Gregory F. A. Pierce is co-publisher of ACTA Publications, a former president of the National Center for Laity, and one of the founders of Business Executives for Economic Justice. For the past three years, he has been in dialogue with more than 300 other people through an e-mail discussion group on the spirituality of work. Describing himself as "piety impaired," Pierce calls for practical disciplines that can enrich and deepen our labors. The workplace, he believes, should not be a place where people try to convert each other or put their religiosity on display.
Here's the definition of what the author is after: "The spirituality of work is a disciplined attempt to align ourselves and our environment with God and to incarnate God's spirit in the world through all the effort (paid and unpaid) we exert to make the world a better place, a little closer to the way God would have things." Pierce encourages working men and women to choose a series of spiritual practices to be done regularly and without fanfare.
After starting off with the ritual of surrounding yourself with sacred objects, the author talks about the discipline of learning to live with imperfection. This is a difficult one that takes plenty of practice given our disdain for human frailty, mistakes, and limitations. Here we can learn from Indian jewelry makers who always left a flaw in their creations so all the glory would go to the Great Spirit. An exercise to train yourself in this task: "Each time you go to an art or sporting event, look for one imperfection and give thanks for it."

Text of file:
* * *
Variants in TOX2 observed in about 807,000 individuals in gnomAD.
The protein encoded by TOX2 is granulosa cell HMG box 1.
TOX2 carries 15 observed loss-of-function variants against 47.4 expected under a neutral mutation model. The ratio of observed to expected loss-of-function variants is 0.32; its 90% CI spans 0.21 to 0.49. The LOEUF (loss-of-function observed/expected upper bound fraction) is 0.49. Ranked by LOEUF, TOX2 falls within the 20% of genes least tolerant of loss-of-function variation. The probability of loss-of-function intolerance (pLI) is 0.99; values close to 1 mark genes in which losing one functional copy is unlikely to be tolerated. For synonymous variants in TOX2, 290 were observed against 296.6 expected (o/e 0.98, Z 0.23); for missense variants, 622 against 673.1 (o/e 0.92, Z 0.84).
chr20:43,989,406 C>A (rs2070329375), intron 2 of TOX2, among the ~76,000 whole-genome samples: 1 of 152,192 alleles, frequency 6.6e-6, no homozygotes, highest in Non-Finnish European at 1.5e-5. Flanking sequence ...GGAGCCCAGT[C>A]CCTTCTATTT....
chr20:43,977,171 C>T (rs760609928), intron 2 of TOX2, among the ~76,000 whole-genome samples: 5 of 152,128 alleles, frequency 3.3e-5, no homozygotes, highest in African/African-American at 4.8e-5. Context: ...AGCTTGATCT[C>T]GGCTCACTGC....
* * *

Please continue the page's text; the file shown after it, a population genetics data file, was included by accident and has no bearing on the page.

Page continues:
Some of the other disciplines of a spirituality of work are assuring quality, giving thanks and congratulations, and dealing with others as you would have them deal with you. This thought-piece quotation used in the book, captures the essence of what he's saying: "If one has to establish communion with God through some means, why not through the spinning wheel?" (Mahatma Gandhi)